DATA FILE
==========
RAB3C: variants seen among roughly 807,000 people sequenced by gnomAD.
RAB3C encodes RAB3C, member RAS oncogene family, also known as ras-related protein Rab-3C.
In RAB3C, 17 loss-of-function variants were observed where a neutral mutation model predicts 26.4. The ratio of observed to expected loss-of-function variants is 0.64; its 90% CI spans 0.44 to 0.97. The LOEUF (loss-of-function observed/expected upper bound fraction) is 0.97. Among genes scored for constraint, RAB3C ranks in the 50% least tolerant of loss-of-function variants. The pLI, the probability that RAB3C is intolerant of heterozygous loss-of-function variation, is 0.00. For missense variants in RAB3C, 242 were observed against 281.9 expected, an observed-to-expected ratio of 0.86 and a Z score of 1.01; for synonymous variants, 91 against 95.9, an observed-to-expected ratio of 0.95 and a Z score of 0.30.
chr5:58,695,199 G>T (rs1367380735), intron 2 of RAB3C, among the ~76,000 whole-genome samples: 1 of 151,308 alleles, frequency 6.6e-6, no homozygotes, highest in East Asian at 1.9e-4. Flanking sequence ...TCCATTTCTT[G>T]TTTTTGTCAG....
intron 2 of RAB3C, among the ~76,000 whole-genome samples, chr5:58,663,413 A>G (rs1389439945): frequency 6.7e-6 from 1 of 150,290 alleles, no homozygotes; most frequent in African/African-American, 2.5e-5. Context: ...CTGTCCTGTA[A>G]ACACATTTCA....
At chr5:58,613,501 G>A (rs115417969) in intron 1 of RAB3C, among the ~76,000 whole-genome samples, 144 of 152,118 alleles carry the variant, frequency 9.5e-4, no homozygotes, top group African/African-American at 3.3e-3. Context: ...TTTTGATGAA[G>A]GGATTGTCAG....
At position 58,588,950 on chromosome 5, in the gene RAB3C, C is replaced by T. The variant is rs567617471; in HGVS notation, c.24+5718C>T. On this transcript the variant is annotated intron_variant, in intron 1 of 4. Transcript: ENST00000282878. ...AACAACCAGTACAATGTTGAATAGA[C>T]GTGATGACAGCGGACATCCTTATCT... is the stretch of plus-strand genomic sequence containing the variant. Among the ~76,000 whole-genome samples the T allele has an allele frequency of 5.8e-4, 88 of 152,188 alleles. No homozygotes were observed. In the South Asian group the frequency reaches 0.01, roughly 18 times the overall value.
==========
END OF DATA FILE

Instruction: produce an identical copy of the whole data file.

RAB3C: variants seen among roughly 807,000 people sequenced by gnomAD.
RAB3C encodes RAB3C, member RAS oncogene family, also known as ras-related protein Rab-3C.
In RAB3C, 17 loss-of-function variants were observed where a neutral mutation model predicts 26.4. The ratio of observed to expected loss-of-function variants is 0.64; its 90% CI spans 0.44 to 0.97. The LOEUF (loss-of-function observed/expected upper bound fraction) is 0.97. Among genes scored for constraint, RAB3C ranks in the 50% least tolerant of loss-of-function variants. The pLI, the probability that RAB3C is intolerant of heterozygous loss-of-function variation, is 0.00. For missense variants in RAB3C, 242 were observed against 281.9 expected, an observed-to-expected ratio of 0.86 and a Z score of 1.01; for synonymous variants, 91 against 95.9, an observed-to-expected ratio of 0.95 and a Z score of 0.30.
chr5:58,695,199 G>T (rs1367380735), intron 2 of RAB3C, among the ~76,000 whole-genome samples: 1 of 151,308 alleles, frequency 6.6e-6, no homozygotes, highest in East Asian at 1.9e-4. Flanking sequence ...TCCATTTCTT[G>T]TTTTTGTCAG....
intron 2 of RAB3C, among the ~76,000 whole-genome samples, chr5:58,663,413 A>G (rs1389439945): frequency 6.7e-6 from 1 of 150,290 alleles, no homozygotes; most frequent in African/African-American, 2.5e-5. Context: ...CTGTCCTGTA[A>G]ACACATTTCA....
At chr5:58,613,501 G>A (rs115417969) in intron 1 of RAB3C, among the ~76,000 whole-genome samples, 144 of 152,118 alleles carry the variant, frequency 9.5e-4, no homozygotes, top group African/African-American at 3.3e-3. Context: ...TTTTGATGAA[G>A]GGATTGTCAG....
At position 58,588,950 on chromosome 5, in the gene RAB3C, C is replaced by T. The variant is rs567617471; in HGVS notation, c.24+5718C>T. On this transcript the variant is annotated intron_variant, in intron 1 of 4. Transcript: ENST00000282878. ...AACAACCAGTACAATGTTGAATAGA[C>T]GTGATGACAGCGGACATCCTTATCT... is the stretch of plus-strand genomic sequence containing the variant. Among the ~76,000 whole-genome samples the T allele has an allele frequency of 5.8e-4, 88 of 152,188 alleles. No homozygotes were observed. In the South Asian group the frequency reaches 0.01, roughly 18 times the overall value.